In a meeting with Karzai ahead of Friday prayers, some members of the Afghan parliament demanded harsh retribution, while religious officials spoke of jihad and the urgent need to respond with violence.
On the streets of Kabul, police officers said they didn’t care about the flurry of American apologies, including the one Thursday from Obama, or the demands of Afghan politicians. The offense was personal, most said, not diminished by contrition or inflamed by hostile rhetoric.
“It is difficult sometimes to convince people not to resort to protest,” said Qaseem Jangalbagh, the police chief of Panjshir. Asked whether that included his own officers, he said, “It is a problem.”
Junior officers spoke more bluntly, saying they would shirk their duties rather than quash demonstrations and referring often to their own violent impulses.
“We should burn those foreigners,” said a police officer in his early 30s who has been in the force for almost 2 1 / 2 years. Like most of the country's security officials, he was trained by NATO soldiers.
Police officers weren’t the only Afghans assumed to be American allies who spoke of mounting friction. The first early morning protests on Tuesday were led by Afghan employees of the Bagram air base, where the religious materials were burned accidentally, according to public statements from NATO military officials.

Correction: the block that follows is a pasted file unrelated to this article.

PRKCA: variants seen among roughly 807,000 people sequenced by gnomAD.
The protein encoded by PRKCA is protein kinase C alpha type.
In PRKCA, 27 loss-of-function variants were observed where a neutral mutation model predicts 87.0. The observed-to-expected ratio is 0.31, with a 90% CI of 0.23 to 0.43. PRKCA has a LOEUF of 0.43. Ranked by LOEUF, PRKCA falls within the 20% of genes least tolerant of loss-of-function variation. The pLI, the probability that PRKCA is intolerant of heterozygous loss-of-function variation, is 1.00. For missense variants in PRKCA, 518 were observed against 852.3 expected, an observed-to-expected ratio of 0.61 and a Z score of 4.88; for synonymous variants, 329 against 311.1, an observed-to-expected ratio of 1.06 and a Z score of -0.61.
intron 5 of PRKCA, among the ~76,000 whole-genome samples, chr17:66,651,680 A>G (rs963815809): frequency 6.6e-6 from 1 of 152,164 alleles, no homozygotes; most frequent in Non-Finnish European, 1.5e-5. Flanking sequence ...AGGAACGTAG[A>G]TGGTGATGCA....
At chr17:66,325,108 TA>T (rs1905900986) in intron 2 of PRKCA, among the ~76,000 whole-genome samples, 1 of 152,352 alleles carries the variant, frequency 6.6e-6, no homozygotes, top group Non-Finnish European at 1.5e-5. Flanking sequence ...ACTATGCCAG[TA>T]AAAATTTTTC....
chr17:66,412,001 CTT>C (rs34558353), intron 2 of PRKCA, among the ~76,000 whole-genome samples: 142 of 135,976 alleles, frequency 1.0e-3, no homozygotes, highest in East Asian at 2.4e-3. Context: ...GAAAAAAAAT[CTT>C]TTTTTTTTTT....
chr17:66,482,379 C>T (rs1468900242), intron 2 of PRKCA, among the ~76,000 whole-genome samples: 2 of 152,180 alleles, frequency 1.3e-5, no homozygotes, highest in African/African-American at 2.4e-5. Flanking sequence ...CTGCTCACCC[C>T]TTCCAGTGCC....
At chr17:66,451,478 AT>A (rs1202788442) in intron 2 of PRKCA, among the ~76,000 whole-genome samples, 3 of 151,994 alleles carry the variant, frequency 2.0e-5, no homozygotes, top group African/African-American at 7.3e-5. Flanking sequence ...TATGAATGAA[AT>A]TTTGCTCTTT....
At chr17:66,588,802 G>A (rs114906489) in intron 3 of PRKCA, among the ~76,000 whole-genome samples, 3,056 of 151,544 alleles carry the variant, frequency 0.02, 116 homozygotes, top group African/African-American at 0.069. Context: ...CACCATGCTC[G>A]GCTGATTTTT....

Bagram employees — who often face threats for aiding the United States — waved the charred books in the air, demanding a response.
Those employees, among the 5,000 Afghans who support the base’s operations, chanted “Death to America” and lobbed rocks at gates some had entered for years. Some cursed their bosses and promised never to return to work at Bagram.
“How could we ever work for someone who could do this?” asked a 21-year-old man who said he had worked for two years in a warehouse on the base. “This couldn’t have happened by accident. This was meant to offend us.”
Taliban officials, who are in the middle of tenuous peace talks with the United States, had initially condemned the burning but stopped short of advocating violence — an uncharacteristically muted response. But in the written statement released Thursday, the insurgent group took a tougher stance.
The statement described the burning as a “deliberate” act, despite repeated statements by top U.S. officials that the books were sent to the incinerator by mistake. It said Afghans and Muslims should not be placated by the U.S. apologies and declared that protests and “mere slogans” were not enough of a response.
“For the defense of our holy book, we . . . must target the invaders’ military centers, their military convoys and their invading forces . . . so that they can never dare to desecrate the holy Koran again,” the statement said.
There was no way to know whether Wednesday’s attack on the U.S. soldiers was orchestrated by the Taliban or was a response to the group’s call for revenge. The attack occurred in eastern Afghanistan. Few details were released.
Sayed Salahuddin contributed to this report.